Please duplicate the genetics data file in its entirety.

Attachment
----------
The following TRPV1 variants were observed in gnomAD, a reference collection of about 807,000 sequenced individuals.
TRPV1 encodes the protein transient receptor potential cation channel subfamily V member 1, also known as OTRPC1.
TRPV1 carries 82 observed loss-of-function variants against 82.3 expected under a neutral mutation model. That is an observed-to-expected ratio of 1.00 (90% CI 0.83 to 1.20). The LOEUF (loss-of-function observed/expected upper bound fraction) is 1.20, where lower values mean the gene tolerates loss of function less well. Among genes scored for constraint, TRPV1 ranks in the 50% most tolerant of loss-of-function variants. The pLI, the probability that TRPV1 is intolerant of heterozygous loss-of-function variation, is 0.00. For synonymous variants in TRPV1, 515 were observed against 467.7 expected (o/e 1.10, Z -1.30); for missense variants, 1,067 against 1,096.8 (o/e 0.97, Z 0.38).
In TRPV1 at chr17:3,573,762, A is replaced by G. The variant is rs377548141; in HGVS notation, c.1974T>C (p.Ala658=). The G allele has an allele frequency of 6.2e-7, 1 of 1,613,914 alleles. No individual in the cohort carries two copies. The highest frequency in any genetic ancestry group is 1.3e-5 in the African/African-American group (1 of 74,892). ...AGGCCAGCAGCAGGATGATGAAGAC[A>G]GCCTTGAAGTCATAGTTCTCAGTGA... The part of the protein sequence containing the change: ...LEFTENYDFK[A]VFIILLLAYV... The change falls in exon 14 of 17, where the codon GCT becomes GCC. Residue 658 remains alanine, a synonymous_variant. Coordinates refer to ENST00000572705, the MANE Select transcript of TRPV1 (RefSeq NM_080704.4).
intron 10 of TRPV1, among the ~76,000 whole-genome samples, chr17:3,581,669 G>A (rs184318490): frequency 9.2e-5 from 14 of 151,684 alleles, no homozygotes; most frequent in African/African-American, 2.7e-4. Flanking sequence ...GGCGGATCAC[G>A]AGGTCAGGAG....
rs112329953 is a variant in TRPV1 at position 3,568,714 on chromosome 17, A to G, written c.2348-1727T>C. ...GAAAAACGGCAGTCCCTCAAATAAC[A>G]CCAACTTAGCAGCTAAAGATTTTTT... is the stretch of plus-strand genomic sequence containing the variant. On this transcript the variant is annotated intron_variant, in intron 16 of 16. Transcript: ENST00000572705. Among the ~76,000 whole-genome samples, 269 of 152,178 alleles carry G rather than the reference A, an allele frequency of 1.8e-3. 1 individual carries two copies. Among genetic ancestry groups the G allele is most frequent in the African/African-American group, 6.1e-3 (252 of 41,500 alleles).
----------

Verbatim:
The following TRPV1 variants were observed in gnomAD, a reference collection of about 807,000 sequenced individuals.
TRPV1 encodes the protein transient receptor potential cation channel subfamily V member 1, also known as OTRPC1.
TRPV1 carries 82 observed loss-of-function variants against 82.3 expected under a neutral mutation model. That is an observed-to-expected ratio of 1.00 (90% CI 0.83 to 1.20). The LOEUF (loss-of-function observed/expected upper bound fraction) is 1.20, where lower values mean the gene tolerates loss of function less well. Among genes scored for constraint, TRPV1 ranks in the 50% most tolerant of loss-of-function variants. The pLI, the probability that TRPV1 is intolerant of heterozygous loss-of-function variation, is 0.00. For synonymous variants in TRPV1, 515 were observed against 467.7 expected (o/e 1.10, Z -1.30); for missense variants, 1,067 against 1,096.8 (o/e 0.97, Z 0.38).
In TRPV1 at chr17:3,573,762, A is replaced by G. The variant is rs377548141; in HGVS notation, c.1974T>C (p.Ala658=). The G allele has an allele frequency of 6.2e-7, 1 of 1,613,914 alleles. No individual in the cohort carries two copies. The highest frequency in any genetic ancestry group is 1.3e-5 in the African/African-American group (1 of 74,892). ...AGGCCAGCAGCAGGATGATGAAGAC[A>G]GCCTTGAAGTCATAGTTCTCAGTGA... The part of the protein sequence containing the change: ...LEFTENYDFK[A]VFIILLLAYV... The change falls in exon 14 of 17, where the codon GCT becomes GCC. Residue 658 remains alanine, a synonymous_variant. Coordinates refer to ENST00000572705, the MANE Select transcript of TRPV1 (RefSeq NM_080704.4).
intron 10 of TRPV1, among the ~76,000 whole-genome samples, chr17:3,581,669 G>A (rs184318490): frequency 9.2e-5 from 14 of 151,684 alleles, no homozygotes; most frequent in African/African-American, 2.7e-4. Flanking sequence ...GGCGGATCAC[G>A]AGGTCAGGAG....
rs112329953 is a variant in TRPV1 at position 3,568,714 on chromosome 17, A to G, written c.2348-1727T>C. ...GAAAAACGGCAGTCCCTCAAATAAC[A>G]CCAACTTAGCAGCTAAAGATTTTTT... is the stretch of plus-strand genomic sequence containing the variant. On this transcript the variant is annotated intron_variant, in intron 16 of 16. Transcript: ENST00000572705. Among the ~76,000 whole-genome samples, 269 of 152,178 alleles carry G rather than the reference A, an allele frequency of 1.8e-3. 1 individual carries two copies. Among genetic ancestry groups the G allele is most frequent in the African/African-American group, 6.1e-3 (252 of 41,500 alleles).